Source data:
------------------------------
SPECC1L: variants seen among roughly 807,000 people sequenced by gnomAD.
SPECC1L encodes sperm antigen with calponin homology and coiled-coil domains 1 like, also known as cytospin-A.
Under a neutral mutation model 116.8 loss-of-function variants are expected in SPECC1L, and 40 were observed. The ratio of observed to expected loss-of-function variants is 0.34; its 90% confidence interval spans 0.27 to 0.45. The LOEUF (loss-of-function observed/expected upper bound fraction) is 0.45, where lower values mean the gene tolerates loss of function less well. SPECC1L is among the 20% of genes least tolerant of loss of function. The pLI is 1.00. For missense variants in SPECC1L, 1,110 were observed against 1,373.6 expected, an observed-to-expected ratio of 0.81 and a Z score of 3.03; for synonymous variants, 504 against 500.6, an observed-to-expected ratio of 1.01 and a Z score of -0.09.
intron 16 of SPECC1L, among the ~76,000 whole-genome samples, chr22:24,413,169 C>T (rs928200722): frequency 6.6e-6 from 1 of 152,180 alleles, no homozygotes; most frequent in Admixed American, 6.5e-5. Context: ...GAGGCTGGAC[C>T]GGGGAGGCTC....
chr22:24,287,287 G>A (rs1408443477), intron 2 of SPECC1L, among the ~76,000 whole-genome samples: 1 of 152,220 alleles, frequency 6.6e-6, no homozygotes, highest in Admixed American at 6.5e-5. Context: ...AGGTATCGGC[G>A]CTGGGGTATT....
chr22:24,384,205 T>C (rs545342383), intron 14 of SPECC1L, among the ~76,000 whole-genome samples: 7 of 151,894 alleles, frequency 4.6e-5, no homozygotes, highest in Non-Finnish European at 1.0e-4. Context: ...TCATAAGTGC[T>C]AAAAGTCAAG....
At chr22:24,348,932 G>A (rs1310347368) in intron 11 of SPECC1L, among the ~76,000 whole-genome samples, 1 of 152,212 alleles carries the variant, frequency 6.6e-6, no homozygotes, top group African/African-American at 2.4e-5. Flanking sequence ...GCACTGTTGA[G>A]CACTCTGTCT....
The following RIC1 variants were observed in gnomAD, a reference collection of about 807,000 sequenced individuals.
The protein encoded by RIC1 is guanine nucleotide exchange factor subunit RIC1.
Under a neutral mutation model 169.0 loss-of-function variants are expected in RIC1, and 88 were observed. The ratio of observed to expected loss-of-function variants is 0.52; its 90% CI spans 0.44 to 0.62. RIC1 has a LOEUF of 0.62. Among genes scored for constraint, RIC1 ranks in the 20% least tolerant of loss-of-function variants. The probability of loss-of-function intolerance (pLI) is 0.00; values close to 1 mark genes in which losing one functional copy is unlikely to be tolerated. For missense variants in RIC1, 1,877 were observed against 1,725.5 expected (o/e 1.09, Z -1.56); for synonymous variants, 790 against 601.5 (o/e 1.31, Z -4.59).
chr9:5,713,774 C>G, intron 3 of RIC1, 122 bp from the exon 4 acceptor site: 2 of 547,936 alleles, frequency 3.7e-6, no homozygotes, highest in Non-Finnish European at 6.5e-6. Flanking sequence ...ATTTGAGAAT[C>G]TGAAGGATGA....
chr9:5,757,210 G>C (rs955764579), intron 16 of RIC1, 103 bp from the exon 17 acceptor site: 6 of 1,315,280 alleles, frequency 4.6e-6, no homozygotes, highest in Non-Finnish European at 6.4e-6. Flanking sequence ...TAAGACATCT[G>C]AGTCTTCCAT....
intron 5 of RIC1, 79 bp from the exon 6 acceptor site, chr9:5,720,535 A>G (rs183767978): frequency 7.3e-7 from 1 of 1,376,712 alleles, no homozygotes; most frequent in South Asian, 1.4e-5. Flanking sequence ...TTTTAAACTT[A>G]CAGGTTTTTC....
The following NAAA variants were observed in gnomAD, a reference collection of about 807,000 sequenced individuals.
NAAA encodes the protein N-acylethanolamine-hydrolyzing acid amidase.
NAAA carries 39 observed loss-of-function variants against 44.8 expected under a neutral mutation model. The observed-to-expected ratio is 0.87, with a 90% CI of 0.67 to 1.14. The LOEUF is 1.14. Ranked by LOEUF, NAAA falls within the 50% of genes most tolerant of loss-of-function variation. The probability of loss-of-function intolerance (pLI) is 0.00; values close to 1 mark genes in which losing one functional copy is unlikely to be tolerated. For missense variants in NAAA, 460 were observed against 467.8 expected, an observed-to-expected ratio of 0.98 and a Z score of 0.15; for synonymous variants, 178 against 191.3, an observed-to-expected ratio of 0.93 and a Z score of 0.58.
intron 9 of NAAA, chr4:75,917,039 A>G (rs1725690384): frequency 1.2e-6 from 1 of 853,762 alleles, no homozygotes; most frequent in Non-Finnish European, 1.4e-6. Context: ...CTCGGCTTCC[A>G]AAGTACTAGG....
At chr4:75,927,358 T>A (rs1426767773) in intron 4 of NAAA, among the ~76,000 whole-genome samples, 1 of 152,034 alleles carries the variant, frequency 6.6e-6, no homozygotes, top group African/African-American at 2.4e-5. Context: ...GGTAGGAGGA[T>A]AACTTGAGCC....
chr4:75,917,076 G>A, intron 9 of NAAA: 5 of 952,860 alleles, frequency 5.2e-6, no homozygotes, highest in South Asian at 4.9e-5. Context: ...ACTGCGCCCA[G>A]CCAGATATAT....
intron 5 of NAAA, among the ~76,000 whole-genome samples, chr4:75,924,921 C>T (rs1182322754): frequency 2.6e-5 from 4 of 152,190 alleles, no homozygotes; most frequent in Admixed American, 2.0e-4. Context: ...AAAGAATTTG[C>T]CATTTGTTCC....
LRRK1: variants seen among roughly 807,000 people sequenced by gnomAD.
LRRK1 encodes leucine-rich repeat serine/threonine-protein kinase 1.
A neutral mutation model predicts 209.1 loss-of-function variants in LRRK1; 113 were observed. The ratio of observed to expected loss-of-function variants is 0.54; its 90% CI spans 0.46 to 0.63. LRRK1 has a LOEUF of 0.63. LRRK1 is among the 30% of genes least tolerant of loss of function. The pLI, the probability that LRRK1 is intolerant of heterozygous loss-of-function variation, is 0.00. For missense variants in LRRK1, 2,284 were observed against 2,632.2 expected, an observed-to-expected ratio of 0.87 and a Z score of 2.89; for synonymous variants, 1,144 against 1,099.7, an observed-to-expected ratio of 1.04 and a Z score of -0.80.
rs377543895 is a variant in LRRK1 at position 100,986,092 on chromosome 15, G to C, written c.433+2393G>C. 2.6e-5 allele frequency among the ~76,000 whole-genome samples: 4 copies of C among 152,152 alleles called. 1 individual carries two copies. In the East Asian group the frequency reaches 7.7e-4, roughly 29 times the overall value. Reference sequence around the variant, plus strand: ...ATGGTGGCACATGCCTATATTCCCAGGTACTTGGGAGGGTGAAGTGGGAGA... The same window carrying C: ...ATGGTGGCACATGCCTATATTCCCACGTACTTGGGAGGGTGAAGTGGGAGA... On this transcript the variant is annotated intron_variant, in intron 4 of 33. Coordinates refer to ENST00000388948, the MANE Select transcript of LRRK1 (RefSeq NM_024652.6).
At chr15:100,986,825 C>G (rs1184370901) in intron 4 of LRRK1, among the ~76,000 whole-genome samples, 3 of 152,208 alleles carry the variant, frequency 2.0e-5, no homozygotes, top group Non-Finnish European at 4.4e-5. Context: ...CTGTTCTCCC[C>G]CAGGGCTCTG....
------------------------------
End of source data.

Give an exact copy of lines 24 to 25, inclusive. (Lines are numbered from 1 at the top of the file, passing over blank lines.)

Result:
rs377543895 is a variant in LRRK1 at position 100,986,092 on chromosome 15, G to C, written c.433+2393G>C. 2.6e-5 allele frequency among the ~76,000 whole-genome samples: 4 copies of C among 152,152 alleles called. 1 individual carries two copies. In the East Asian group the frequency reaches 7.7e-4, roughly 29 times the overall value. Reference sequence around the variant, plus strand: ...ATGGTGGCACATGCCTATATTCCCAGGTACTTGGGAGGGTGAAGTGGGAGA... The same window carrying C: ...ATGGTGGCACATGCCTATATTCCCACGTACTTGGGAGGGTGAAGTGGGAGA... On this transcript the variant is annotated intron_variant, in intron 4 of 33. Coordinates refer to ENST00000388948, the MANE Select transcript of LRRK1 (RefSeq NM_024652.6).
At chr15:100,986,825 C>G (rs1184370901) in intron 4 of LRRK1, among the ~76,000 whole-genome samples, 3 of 152,208 alleles carry the variant, frequency 2.0e-5, no homozygotes, top group Non-Finnish European at 4.4e-5. Context: ...CTGTTCTCCC[C>G]CAGGGCTCTG....